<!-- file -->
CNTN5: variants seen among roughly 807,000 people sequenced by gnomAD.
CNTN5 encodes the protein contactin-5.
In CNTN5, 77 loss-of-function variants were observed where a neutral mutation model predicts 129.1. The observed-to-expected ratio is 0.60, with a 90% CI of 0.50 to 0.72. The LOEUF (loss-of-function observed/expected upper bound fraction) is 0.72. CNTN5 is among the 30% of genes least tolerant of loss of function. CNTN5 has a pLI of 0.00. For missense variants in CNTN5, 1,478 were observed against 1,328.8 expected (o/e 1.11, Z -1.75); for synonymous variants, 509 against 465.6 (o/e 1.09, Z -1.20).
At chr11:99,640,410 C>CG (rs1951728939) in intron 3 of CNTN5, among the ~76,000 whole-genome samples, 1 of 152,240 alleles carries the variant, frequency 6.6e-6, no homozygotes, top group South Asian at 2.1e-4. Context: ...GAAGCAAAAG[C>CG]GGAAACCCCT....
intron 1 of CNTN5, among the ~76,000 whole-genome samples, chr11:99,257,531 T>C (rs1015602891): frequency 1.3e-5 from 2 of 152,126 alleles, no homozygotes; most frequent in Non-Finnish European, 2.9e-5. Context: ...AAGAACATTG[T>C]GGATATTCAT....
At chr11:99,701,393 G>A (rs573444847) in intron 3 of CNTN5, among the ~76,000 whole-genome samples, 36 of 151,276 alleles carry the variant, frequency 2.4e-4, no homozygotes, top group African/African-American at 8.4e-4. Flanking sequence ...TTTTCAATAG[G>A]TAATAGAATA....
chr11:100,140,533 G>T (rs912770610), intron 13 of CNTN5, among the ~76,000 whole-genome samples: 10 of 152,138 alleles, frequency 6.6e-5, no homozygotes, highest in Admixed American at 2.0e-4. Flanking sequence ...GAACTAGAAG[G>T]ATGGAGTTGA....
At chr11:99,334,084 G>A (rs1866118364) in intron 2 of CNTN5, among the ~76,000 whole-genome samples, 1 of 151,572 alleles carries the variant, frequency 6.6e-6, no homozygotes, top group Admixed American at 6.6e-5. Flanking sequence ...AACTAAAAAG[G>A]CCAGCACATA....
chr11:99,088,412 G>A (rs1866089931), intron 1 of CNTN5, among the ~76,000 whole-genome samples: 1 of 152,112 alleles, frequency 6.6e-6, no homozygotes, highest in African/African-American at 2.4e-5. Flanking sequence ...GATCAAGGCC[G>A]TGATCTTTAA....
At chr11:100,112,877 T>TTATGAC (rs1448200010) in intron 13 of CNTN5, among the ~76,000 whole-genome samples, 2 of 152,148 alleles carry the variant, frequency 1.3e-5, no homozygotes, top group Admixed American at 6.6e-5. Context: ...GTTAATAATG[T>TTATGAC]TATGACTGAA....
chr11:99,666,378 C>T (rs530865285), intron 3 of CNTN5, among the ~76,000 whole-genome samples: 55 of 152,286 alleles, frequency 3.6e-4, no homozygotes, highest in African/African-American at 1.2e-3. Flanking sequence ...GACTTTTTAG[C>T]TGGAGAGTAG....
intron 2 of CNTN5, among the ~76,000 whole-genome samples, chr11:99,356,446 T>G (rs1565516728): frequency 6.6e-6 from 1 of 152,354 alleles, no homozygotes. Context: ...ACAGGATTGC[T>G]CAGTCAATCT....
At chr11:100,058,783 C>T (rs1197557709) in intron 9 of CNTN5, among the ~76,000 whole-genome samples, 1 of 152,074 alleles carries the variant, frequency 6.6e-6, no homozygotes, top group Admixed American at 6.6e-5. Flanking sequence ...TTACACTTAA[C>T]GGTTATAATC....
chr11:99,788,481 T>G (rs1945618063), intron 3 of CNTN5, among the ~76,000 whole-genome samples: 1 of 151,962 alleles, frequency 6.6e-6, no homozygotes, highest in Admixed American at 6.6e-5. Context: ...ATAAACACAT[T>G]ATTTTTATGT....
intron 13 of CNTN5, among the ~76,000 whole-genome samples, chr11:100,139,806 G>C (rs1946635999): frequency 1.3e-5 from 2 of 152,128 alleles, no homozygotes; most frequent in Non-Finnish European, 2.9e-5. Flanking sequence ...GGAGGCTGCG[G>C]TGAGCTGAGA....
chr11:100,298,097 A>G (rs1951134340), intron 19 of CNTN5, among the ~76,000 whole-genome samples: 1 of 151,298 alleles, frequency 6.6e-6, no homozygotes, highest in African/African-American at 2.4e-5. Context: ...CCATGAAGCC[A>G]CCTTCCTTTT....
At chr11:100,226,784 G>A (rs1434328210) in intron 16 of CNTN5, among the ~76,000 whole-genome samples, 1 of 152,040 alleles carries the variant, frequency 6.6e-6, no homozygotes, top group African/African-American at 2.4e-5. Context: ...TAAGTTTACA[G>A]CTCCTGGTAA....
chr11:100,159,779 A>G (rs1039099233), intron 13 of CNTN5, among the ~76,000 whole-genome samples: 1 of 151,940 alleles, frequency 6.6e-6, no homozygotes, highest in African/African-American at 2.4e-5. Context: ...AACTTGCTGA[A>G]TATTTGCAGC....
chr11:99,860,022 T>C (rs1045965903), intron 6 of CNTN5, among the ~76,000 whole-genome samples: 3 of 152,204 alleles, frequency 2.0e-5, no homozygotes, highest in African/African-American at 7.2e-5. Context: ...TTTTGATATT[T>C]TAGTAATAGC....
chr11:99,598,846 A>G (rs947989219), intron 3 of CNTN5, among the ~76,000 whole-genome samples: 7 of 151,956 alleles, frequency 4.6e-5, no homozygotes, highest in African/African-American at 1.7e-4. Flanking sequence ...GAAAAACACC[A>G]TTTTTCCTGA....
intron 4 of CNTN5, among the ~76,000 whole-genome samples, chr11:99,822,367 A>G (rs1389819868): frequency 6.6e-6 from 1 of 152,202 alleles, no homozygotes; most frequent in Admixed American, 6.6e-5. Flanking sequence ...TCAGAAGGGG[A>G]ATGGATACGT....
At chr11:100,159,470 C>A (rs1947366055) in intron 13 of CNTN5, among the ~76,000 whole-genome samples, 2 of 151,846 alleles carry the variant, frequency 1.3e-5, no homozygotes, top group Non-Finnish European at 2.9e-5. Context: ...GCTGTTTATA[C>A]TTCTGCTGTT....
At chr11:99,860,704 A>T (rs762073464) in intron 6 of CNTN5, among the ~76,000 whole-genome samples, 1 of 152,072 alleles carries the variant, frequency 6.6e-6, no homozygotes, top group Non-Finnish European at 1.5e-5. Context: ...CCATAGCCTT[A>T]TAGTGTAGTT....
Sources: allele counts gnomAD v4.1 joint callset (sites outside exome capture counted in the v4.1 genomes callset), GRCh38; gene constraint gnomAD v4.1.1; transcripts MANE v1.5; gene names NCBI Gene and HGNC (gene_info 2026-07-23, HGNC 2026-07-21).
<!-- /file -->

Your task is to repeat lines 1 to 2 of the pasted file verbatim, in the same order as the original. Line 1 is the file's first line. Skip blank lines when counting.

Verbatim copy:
CNTN5: variants seen among roughly 807,000 people sequenced by gnomAD.
CNTN5 encodes the protein contactin-5.